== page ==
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Case Law of the Boards of Appeal

 
 
4. Insufficient payments - small amounts lacking

Under Art. 8, first sentence, RFees (formerly Art. 9, first sentence, RFees), a time limit for payment is in principle deemed to have been observed only if the full amount of the fee has been paid in due time. However, the EPO is given the discretion, where this is considered justified, to overlook any small amounts lacking without prejudice to the rights of the person making the payment (Art. 8, fourth sentence, RFees, formerly Art. 9, fourth sentence, RFees).

The justification for overlooking a small fee underpayment has been considered by the boards of appeal in several cases. In T 130/82 (OJ 1984, 172) the board decided that it was justified to overlook an underpayment of just over 10%. In J 11/85 (OJ 1986, 1) the board stated that an underpayment of about 10% may as a rule be considered as a small amount (see also T 109/86 of 20.7.1987). See also T 343/02, where the underpayment of less than 2% due to the unexpected deduction of bank charges was overlooked.

In T 290/90 (OJ 1992, 368) the board found that this question must be decided on an objective basis, having regard to all the relevant circumstances of the case, and not on a subjective basis. It held that in the circumstances of that case 20% of the opposition fee could properly be regarded as a small amount, because it was inappropriate to punish the appellant for contending he was entitled to a reduction in the opposition fee (under R. 6(3) EPC 1973) and the missing 20% was paid soon after expiry of the period.

However, in T 905/90 (OJ 1994, 306, Corr. 556) the board found that the meaning of 'smallness' could best be determined by comparing the amount of shortfall with the amount of the full fee. A difference of 20% clearly could thus not, on purely arithmetical grounds, be regarded as small. It was with very small or trifling amounts that the former Art. 9 RFees (see now Art. 8 RFees) was designed to deal so as to prevent a loss of rights where an inadvertent error of some kind had led to a slight underpayment of an amount due in respect of the relevant proceedings.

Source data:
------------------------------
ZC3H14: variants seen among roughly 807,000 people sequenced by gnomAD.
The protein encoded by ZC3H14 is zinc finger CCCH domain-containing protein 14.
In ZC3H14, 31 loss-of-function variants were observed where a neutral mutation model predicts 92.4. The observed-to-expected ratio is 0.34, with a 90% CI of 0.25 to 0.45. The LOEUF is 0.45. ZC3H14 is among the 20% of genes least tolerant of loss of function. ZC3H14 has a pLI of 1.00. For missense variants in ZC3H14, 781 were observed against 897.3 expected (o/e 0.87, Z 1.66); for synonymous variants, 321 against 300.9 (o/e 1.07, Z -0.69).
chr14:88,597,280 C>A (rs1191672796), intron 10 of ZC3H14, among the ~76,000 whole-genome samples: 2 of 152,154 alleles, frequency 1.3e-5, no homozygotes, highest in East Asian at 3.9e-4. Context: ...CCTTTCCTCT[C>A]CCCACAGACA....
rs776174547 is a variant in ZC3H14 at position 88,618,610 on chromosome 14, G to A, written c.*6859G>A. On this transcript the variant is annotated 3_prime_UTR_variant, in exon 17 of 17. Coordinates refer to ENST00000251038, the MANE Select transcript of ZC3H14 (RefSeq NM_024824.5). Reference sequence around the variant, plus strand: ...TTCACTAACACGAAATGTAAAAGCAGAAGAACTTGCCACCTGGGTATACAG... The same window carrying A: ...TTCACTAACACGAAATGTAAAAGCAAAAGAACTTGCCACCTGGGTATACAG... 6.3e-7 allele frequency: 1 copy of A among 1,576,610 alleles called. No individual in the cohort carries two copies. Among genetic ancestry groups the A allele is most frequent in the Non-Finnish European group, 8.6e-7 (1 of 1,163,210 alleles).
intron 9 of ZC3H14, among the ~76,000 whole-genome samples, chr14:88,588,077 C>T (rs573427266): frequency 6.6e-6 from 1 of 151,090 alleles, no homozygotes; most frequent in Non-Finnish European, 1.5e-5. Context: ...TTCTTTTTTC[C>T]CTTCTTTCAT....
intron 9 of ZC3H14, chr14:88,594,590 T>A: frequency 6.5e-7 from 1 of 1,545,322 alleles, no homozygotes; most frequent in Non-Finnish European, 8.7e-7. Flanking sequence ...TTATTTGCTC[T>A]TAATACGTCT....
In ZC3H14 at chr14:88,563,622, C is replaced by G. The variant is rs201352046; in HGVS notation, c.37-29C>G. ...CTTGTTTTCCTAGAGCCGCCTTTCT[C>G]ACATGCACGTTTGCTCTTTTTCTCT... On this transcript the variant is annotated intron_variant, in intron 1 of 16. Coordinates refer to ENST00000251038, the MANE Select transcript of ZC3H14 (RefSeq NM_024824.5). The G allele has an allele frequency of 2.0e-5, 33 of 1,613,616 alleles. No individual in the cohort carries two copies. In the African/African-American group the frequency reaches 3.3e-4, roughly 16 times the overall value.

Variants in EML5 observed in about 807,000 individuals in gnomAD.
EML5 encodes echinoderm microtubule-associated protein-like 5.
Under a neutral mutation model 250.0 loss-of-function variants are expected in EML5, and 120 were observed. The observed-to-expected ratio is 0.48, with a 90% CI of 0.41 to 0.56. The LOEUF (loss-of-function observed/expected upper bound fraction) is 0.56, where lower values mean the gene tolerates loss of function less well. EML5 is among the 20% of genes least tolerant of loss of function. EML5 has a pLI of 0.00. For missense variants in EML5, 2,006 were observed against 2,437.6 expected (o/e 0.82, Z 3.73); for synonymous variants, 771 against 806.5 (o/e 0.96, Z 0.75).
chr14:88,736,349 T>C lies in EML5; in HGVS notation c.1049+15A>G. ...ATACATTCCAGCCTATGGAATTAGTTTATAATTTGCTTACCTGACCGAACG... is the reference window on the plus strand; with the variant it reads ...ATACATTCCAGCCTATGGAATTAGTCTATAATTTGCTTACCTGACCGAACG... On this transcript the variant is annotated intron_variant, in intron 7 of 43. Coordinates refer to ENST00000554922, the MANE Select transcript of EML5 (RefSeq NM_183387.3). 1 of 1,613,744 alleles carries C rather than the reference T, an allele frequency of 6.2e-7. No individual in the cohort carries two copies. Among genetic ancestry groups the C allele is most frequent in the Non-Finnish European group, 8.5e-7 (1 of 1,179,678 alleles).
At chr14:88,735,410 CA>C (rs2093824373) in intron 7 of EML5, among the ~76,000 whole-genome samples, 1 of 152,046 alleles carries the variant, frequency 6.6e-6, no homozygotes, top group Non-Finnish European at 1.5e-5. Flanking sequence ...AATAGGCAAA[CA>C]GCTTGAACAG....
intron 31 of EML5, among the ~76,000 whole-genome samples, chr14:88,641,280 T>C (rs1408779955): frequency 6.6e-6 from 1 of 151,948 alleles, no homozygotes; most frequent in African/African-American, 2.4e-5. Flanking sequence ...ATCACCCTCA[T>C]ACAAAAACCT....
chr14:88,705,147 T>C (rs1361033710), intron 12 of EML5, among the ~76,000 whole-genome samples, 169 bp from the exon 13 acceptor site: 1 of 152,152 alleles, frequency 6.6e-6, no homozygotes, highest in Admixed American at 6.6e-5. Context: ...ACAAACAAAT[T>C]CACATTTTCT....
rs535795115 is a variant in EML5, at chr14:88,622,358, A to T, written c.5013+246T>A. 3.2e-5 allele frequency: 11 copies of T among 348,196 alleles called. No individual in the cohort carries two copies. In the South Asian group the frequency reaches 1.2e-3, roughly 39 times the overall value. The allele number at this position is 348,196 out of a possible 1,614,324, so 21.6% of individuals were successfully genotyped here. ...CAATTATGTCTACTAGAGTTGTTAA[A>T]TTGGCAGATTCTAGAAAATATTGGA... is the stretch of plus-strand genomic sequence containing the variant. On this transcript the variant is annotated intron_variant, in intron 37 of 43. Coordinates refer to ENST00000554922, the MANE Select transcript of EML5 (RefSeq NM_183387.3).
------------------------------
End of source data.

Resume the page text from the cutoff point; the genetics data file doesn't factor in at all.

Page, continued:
In J 27/92 (OJ 1995, 288) the examination fee was underpaid by about 20%, amounting to DEM 560. Distinguishing T 905/90, the board defined the concept of a "small amount lacking" in the then Art. 9 RFees (see now Art. 8 RFees) as a fixed proportion of the amount of the particular fees to be paid. At most, 20% of the fee to be paid might be regarded as small within the meaning of the said provision. Moreover, the choice of 20% as the percentage to be considered a "small amount" would achieve the desirable end of making it possible to apply the former Art. 9 RFees (see now Art. 8 RFees) to cases where a party paying fees mistakenly sought to take advantage of the 20% reduction in fees available in relation to Art. 14(2) and (4) EPC 1973 under R. 6(3) EPC 1973 and the former Art. 12(1) RFees (see now Art. 14(1) RFees). In the case in point the board decided that it was justified to overlook the deficit as the applicant not only paid it without delay, but also appeared to have been misled into paying only 80% of the fees as a result of information provided by the EPO. For a different approach, see T 642/12.

Reference is also made to decision T 152/82 (OJ 1984, 301), relevant to incorrect amounts in debit orders (see point 2.2 above).